The Deadly Irukandji
04 April 2012 | Great Barrier Reef, QLD
Yesterday afternoon a bunch of us cruisers were sitting drinking beer with a local dive master named Bill who doubles as an electrician here at the marina. Bill says that he has logged over 2000 dives on the Yongala and claims that it IS the #1 dive on the planet earth. A huge claim right! We will soon see.
Anyhow, after getting us all pumped on the idea of diving the GBR and the Yongala, he then started telling us about the Irukandji attacks that happen every year. Bill said that he has rescued people that have been stung and he wouldn't wish that pain on anyone. He also says you can't dive anywhere without a sting suit that covers everything from toe to the top of your head. Now this is a problem for me because I don't like wearing wet suits because I overheat in them...seriously. I can dive in 65 degree water without a wet suit and feel perfectly comfortable.
So, I decided to do some research on the subject,
Irukandji vs. Sharks & Crocodiles
Irukandji Stings = 60 people/year
The Irukandji Jellyfish (Carukia barnesi) inhabits waters of Australia. This is a deadly jellyfish, which is only 2.5 centimeters (with bell and tentacles) in diameter, which makes it difficult to spot.
The Irukandji is believed to be the most venomous creature in the world. Its venom is very powerful, 100 times as potent as that of a cobra and 1,000 times as potent as that of a tarantula. Researchers conjecture that its venom possesses such potency to enable it to quickly stun its prey, which consists of small and fast fish.
The term Irukandji refers to an Australian Aboriginal tribe that inhabited the Palm Cove region of northern Queensland where the Irukandji syndrome, produced by the irukandji stings poison, occurs most often. This is a species of jellyfish that has been known about in recent years, due to deaths of swimmers in Australia. In 2002, Richard Jordon stung while swimming off the coast of de Hamilton. He was a British tourist 58 years old, unfortunately he died a few days later.
Irukandji has stingers not only on its tentacles but also on its bell. Irukandji is very small and fragile, it cannot be kept in a normal aquarium because if they hit the side the impact will kill it. The first Irukandji jellyfish in captivity borned in Townsville.
The Irukandji's sting causes symptoms which are collectively known as "Irukandji syndrome". The Irukandji syndrome Symptoms were first documented by Hugo Flecker in 1952. Every summer, more than sixty people are hospitalized with this potentially fatal syndrome. Catastrophic complex of clinical signs and symptoms.The initial sting is typically mild and is followed, minutes to hours later, by vomiting, profuse sweating, headache, agitation, rapid heart rate and very high blood pressure. The increase in blood pressure may be life-threatening and can be associated with abnormal heart beat and heart failure. The symptoms may last from hours to several days, and victims usually require hospitalisation. Though the syndrome was first described almost fifty years ago, its pharmacological basis and a specific treatment have eluded investigators. In rare cases, the victim suffers pulmonary oedema which could be fatal if not treated.
Australian Shark Attacks = 4 people/year
Sharks live in all the coastal waters and estuarine habitats around the 35,000 km of Australia's coast. As the population of the country increases, many more people are entering coastal waters for recreational and commercial reasons throughout the year.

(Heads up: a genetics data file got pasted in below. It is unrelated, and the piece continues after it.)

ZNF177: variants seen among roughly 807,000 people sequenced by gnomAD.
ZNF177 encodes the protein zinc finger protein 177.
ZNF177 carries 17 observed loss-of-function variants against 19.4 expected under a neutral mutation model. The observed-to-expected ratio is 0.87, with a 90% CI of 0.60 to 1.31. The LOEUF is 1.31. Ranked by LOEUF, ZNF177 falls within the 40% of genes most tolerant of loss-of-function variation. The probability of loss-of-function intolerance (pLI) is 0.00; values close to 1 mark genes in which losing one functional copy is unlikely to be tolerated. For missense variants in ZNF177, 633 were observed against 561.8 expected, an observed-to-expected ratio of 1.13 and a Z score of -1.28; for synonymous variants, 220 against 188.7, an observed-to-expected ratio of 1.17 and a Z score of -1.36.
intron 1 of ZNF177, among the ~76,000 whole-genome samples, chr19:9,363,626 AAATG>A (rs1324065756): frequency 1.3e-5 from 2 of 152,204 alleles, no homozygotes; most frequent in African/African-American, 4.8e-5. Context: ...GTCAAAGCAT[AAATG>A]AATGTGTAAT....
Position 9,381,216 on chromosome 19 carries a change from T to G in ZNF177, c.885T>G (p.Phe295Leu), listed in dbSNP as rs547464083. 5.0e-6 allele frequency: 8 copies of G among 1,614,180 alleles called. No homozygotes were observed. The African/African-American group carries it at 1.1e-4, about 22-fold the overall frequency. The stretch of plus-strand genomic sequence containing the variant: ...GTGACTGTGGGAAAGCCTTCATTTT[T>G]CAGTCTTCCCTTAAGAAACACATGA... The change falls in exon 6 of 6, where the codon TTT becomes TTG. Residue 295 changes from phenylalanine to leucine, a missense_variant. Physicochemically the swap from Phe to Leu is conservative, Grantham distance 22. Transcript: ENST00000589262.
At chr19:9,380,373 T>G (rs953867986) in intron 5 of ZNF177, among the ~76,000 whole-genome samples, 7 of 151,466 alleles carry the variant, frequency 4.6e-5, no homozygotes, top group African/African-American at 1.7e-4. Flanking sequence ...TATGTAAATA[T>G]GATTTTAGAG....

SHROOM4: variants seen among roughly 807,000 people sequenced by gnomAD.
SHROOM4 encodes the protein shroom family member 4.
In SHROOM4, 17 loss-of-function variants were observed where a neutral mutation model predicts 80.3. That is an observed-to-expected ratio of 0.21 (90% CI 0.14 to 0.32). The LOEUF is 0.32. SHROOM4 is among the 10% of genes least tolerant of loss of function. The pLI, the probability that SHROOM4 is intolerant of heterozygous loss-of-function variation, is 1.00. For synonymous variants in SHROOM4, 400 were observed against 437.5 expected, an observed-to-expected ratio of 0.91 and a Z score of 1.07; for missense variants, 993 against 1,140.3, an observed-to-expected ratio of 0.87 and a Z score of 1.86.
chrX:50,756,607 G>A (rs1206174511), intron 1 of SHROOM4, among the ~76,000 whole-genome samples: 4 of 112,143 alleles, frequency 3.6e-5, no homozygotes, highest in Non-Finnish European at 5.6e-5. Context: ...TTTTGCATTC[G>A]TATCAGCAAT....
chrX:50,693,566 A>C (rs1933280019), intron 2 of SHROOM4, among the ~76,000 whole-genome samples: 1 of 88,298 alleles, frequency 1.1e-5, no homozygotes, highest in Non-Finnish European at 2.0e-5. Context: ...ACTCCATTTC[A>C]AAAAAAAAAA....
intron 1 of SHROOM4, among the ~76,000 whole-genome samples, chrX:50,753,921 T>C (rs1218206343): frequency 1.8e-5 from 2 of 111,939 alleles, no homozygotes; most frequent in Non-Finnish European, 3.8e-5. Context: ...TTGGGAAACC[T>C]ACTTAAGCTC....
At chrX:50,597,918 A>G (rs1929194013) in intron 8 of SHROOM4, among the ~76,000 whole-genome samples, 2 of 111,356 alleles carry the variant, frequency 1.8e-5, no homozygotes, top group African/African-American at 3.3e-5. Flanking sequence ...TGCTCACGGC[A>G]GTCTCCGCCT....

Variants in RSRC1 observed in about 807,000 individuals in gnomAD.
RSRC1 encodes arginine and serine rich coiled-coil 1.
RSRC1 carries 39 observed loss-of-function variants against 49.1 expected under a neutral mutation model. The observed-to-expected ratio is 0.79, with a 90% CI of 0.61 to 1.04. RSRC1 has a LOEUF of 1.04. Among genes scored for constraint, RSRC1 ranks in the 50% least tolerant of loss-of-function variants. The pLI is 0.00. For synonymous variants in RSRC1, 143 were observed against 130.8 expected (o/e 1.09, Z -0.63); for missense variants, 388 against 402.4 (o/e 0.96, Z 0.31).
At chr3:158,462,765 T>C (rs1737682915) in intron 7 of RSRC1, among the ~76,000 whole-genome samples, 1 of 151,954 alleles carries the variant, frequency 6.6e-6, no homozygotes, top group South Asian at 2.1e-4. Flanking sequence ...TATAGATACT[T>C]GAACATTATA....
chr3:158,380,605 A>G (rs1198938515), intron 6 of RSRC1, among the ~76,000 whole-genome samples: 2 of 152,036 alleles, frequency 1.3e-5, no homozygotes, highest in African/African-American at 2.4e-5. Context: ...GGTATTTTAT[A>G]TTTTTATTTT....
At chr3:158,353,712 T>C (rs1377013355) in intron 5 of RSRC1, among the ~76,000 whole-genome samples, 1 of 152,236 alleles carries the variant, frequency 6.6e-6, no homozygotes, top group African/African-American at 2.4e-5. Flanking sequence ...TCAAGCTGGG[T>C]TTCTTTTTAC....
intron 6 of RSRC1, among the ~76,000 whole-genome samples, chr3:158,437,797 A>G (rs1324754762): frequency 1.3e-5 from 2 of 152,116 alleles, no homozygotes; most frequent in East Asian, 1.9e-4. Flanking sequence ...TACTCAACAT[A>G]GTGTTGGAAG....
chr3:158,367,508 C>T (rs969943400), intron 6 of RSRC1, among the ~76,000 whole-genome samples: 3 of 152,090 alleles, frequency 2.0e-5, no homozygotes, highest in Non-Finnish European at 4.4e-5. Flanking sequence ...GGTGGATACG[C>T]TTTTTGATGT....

Although Australia has had a bad reputation concerning the threat of shark attacks to swimmers, the statistics do not support these fears.
In the last 50 years, there have been only 46 fatalities (0.92 per year) in Australian waters from shark attacks. Some years there are no fatalities recorded, other years there have been up to 4 a year, but the average remains around one per year. Shark attack must be viewed in perspective, there are thousands of swimmer-days that take place on our beaches, harbours and rivers each year with an estimated 100,000,000 beach visitation a year and the number is growing with both increasing population and tourism. It is inevitable someone somewhere will encounter a shark or other marine animals and these encounters sometime result in injury and on rare occasions death.
Australian Crocodile Attacks = 1 person/year
Saltwater crocodiles in Australia are most often associated with the waters of the Northern Territory but Queensland has more than its share of these reptiles surviving hundreds of thousands of years. Crocodiles are powerful beasts yet the statistics of being attacked are minimal. If you are about to travel to this tropical paradise you might want to know the best way to avoid a crocodile attack in the Great Barrier Reef and stay safe while you are in the waters of the Whitsundays.
Crocodile sightings in the Great Barrier Reef are few and far between, but it is always wise not to be complacent. These magnificent yet dangerous creatures do inhabit the waters of our tropical paradise but sightings in the sea or on the islands are few and far between. The danger lies in the rivers, but even then attacks are not a normal occurrence.
Most crocodile attacks occur between late September and January when crocodiles are hungry after the dry season and are preparing to breed, and most victims had been under the influence of alcohol, and swimming at times and in places that most sensible people would avoid.
Crocodiles are capable of biting with a force of a tonne per square inch, believed to be more powerful than the jaws of the legendary Tyrannosaurus rex dinosaur!
Although the average annual death toll from crocodile attacks is only one, there was a bit of a peak in crocodile attacks in 2005 when from late August to early October three people were killed and one girl injured.